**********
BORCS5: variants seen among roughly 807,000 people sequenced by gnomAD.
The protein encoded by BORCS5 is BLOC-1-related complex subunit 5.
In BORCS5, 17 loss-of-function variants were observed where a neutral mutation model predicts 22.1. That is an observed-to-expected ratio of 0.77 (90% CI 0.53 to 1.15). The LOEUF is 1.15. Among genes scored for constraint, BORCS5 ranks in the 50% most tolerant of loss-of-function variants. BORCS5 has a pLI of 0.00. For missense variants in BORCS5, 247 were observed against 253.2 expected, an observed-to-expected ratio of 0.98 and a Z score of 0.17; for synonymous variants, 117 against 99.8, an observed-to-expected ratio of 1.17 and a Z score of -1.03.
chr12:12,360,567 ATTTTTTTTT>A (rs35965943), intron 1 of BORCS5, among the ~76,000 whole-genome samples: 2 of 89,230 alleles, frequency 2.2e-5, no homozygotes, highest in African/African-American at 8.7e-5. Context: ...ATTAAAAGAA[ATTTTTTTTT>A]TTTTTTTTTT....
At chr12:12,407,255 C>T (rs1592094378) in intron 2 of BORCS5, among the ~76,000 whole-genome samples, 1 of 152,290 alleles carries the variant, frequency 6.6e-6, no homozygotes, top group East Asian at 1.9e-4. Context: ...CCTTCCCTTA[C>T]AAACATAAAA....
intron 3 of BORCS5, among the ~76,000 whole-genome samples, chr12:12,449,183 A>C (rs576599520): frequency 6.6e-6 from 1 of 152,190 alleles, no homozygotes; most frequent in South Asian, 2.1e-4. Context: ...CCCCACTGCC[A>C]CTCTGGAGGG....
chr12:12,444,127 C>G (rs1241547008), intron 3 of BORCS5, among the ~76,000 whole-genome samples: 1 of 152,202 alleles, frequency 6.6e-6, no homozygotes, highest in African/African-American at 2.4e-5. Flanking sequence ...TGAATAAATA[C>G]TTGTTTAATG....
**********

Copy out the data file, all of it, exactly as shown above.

BORCS5: variants seen among roughly 807,000 people sequenced by gnomAD.
The protein encoded by BORCS5 is BLOC-1-related complex subunit 5.
In BORCS5, 17 loss-of-function variants were observed where a neutral mutation model predicts 22.1. That is an observed-to-expected ratio of 0.77 (90% CI 0.53 to 1.15). The LOEUF is 1.15. Among genes scored for constraint, BORCS5 ranks in the 50% most tolerant of loss-of-function variants. BORCS5 has a pLI of 0.00. For missense variants in BORCS5, 247 were observed against 253.2 expected, an observed-to-expected ratio of 0.98 and a Z score of 0.17; for synonymous variants, 117 against 99.8, an observed-to-expected ratio of 1.17 and a Z score of -1.03.
chr12:12,360,567 ATTTTTTTTT>A (rs35965943), intron 1 of BORCS5, among the ~76,000 whole-genome samples: 2 of 89,230 alleles, frequency 2.2e-5, no homozygotes, highest in African/African-American at 8.7e-5. Context: ...ATTAAAAGAA[ATTTTTTTTT>A]TTTTTTTTTT....
At chr12:12,407,255 C>T (rs1592094378) in intron 2 of BORCS5, among the ~76,000 whole-genome samples, 1 of 152,290 alleles carries the variant, frequency 6.6e-6, no homozygotes, top group East Asian at 1.9e-4. Context: ...CCTTCCCTTA[C>T]AAACATAAAA....
intron 3 of BORCS5, among the ~76,000 whole-genome samples, chr12:12,449,183 A>C (rs576599520): frequency 6.6e-6 from 1 of 152,190 alleles, no homozygotes; most frequent in South Asian, 2.1e-4. Context: ...CCCCACTGCC[A>C]CTCTGGAGGG....
chr12:12,444,127 C>G (rs1241547008), intron 3 of BORCS5, among the ~76,000 whole-genome samples: 1 of 152,202 alleles, frequency 6.6e-6, no homozygotes, highest in African/African-American at 2.4e-5. Flanking sequence ...TGAATAAATA[C>G]TTGTTTAATG....